My Health for Theirs: A Health Care Provider’s Cautionary Tale

I gravitated toward a career in health care almost without thinking about it. It has been rewarding, but it has cost me too.

Oct. 17, 2016 | 5 min read
Chad Lucci, MS, PA-C

I am a physician assistant, and I have been for nearly 10 years. I have worked in health care for 15 years. All the while I have tried to balance family and career with the daily struggle of cystic fibrosis. Work-life balance can be extremely difficult to navigate, even without a chronic illness. Add CF to the mix, and a career in medicine can almost seem unsustainable.

Medicine has many positives. It has proven to be rewarding, as I have affected many peoples' lives and provided a great life for my family and me.


When I was younger, I was advised not to enter this field, but no one could have talked me out of it. I realize now that my health has declined during my career. I am now almost 40 years old, and I have had many years to reflect on my career. I was recently asked whether I would make the same career choice knowing what I know now. Honestly, I can't say for sure but I can share my story.

Like many cystics in early adulthood, I was a wanderer without any clear direction in life. The nature of a chronic and progressive illness leads one to think that there is no future, and thus, I didn't feel a need to prepare for and embark on a real career. That changed during my early twenties, when therapies became better and made a longer lifespan possible. So I started to think about what kind of career would make me happy and fulfilled. Where did I turn? To health care, of course!

Growing up in and out of hospitals, they had become a comfortable environment. One gets used to the mixture of cold sterility and warm empathy. I felt that I could give back to all of those who had helped me, and I wanted to bring my unique perspective and empathy to patients. So I decided to become a physician assistant. I burned the candle at both ends, working and going to school for six years before that came to fruition.

When I was finished, I felt a level of accomplishment beyond what I can describe. However, my family had begun to notice the decline in my health and stamina, and made sure that I heard about it. I was oblivious, or naive, continuing to work at a frantic pace out of some need to prove to myself -- and others -- that I was good enough.

I took pride in being a great PA, especially in emergency situations. There is really no feeling like actually saving a life, knowing that your contributions, small or large, directly affected someone and helped to heal sickness or prevent death.

This has all come at a cost. At the root of a health care career is irregularity; the hours, the length of shifts, the pace. Most people work 12-hour shifts. As a result, my treatments and sleep become erratic, and exercise became an afterthought. The frequent exposure to viruses and bacteria haven't done me any favors either. These risks have led to more frequent exacerbations with less rebounding of lung function. I knew that health care would have some impact on my health but I was unaware of the extent. Looking back now, that kind of thinking seems short-sighted and naive. Hindsight is 20/20, I guess.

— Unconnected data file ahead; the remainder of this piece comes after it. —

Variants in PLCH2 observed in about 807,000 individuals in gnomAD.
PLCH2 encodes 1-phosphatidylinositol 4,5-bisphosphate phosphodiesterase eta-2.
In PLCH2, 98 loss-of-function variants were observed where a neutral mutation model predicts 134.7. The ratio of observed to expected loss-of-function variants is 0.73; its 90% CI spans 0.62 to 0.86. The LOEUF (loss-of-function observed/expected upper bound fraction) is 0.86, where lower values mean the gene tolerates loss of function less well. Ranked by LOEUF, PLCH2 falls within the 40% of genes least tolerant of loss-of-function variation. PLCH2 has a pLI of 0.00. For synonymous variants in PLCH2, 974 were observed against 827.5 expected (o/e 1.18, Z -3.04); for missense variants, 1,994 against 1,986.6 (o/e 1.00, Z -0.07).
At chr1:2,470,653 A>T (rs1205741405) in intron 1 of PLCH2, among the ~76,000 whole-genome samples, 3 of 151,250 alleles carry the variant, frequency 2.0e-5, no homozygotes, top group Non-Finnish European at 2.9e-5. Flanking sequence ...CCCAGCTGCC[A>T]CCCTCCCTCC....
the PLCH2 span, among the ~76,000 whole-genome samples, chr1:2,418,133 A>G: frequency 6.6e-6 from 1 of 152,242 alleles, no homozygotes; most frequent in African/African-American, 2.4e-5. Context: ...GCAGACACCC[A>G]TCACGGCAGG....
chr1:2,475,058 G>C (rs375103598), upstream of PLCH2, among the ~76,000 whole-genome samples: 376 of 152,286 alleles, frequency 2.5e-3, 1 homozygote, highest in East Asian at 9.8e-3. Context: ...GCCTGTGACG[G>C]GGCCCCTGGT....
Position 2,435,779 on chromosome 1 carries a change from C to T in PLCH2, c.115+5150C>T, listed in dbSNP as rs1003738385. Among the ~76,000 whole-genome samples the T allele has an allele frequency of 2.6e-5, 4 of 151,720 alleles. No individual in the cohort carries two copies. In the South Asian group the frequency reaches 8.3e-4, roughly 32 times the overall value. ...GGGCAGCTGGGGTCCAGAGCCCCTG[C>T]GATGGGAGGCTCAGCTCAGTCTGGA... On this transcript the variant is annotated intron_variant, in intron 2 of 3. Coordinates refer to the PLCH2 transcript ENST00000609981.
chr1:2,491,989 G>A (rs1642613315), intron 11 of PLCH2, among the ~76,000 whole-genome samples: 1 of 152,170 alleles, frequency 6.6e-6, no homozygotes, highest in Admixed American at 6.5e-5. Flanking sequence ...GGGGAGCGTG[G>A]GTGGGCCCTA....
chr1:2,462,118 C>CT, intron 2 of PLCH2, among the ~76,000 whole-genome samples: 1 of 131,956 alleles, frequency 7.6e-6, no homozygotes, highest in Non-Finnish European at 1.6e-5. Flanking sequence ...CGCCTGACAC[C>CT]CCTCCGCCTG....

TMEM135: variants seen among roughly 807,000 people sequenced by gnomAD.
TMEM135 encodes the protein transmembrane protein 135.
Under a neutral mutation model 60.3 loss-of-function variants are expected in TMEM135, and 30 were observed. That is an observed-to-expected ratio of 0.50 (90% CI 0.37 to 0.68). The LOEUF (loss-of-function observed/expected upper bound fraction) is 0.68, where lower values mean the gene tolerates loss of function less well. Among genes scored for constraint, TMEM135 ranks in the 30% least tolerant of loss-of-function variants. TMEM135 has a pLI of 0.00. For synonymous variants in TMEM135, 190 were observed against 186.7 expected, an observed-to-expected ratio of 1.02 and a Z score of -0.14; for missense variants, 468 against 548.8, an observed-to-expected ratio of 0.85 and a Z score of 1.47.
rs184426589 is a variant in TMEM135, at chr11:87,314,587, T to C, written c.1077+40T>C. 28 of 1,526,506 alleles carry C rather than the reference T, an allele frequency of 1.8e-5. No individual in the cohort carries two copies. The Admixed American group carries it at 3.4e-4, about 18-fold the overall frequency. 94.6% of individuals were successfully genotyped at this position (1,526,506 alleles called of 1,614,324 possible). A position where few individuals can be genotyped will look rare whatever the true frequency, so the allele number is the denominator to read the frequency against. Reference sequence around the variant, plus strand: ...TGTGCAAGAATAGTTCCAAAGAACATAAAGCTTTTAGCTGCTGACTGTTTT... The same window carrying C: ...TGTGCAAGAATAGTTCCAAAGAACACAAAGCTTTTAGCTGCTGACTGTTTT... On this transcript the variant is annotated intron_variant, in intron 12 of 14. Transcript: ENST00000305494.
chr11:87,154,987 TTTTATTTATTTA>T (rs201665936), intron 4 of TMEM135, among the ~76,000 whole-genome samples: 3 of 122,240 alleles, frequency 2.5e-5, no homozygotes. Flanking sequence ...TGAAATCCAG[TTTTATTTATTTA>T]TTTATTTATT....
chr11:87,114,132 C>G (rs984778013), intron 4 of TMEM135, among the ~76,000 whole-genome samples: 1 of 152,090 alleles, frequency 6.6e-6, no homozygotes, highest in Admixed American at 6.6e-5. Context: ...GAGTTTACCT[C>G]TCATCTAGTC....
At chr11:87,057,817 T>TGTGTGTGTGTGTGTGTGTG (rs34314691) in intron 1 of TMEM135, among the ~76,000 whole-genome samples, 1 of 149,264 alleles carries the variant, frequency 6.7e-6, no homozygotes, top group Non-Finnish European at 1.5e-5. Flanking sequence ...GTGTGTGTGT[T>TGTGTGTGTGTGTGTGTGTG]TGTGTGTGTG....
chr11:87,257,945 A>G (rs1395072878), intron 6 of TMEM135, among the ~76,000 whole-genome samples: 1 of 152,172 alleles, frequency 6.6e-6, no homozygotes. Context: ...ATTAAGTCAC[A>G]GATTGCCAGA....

Since becoming a health care worker, my lung function has decreased by almost half. It's astounding to see the regression on a chart. While this cannot be due only to my career choice, it has compounded the natural decline of a person with CF. Even when faced with this truth, I still feel an obligation to continue practicing medicine, for my patients, for my family and for me.

This is the choice that all cystics will have to make if they are thinking about a career in health care. Are the risks worth the rewards? I cannot say for sure, and surely the experience will be different for everyone. I do know that I have very much enjoyed affecting the lives of my patients, but I now feel a much stronger obligation to stay healthy and happy for my family and me. So I am left with the bittersweet taste of being a physician assistant. Another livelihood may have allowed me my health, but I doubt that I would have felt the same level of accomplishment.


If you're out there considering a career in health care, please protect yourself by wearing masks and limiting your exposure. Make your treatments and exercise a priority, and try to find a work schedule that accommodates them. It can be done, but one needs strict guidelines to reduce the risks of working in health care with CF. I hope my story will serve as both a cautionary tale and inspiration to aid those who may embark on this career.

This site contains general information about cystic fibrosis, as well as personal insight from the CF community. Opinions and experiences shared by members of our community, including but not limited to people with CF and their families, belong solely to the blog post author and do not represent those of the Cystic Fibrosis Foundation, unless explicitly stated. In addition, the site is not intended as a substitute for treatment advice from a medical professional. Consult your doctor before making any changes to your treatment.

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Chad is 40 years old and currently lives in Denver as a physician assistant with his wife, Mari, son, Jackson, boxer, Hendrix, and bulldog, Meatloaf. He was diagnosed with CF at 5 months old, and has overcome countless setbacks and exacerbations to live a quality and productive life. He and his family are avid hikers and bicycle riders, and have embraced the Colorado lifestyle since moving from Chicago. He plays multiple musical instruments, enjoys reading, and is a freelance writer. Check out his personal blog at

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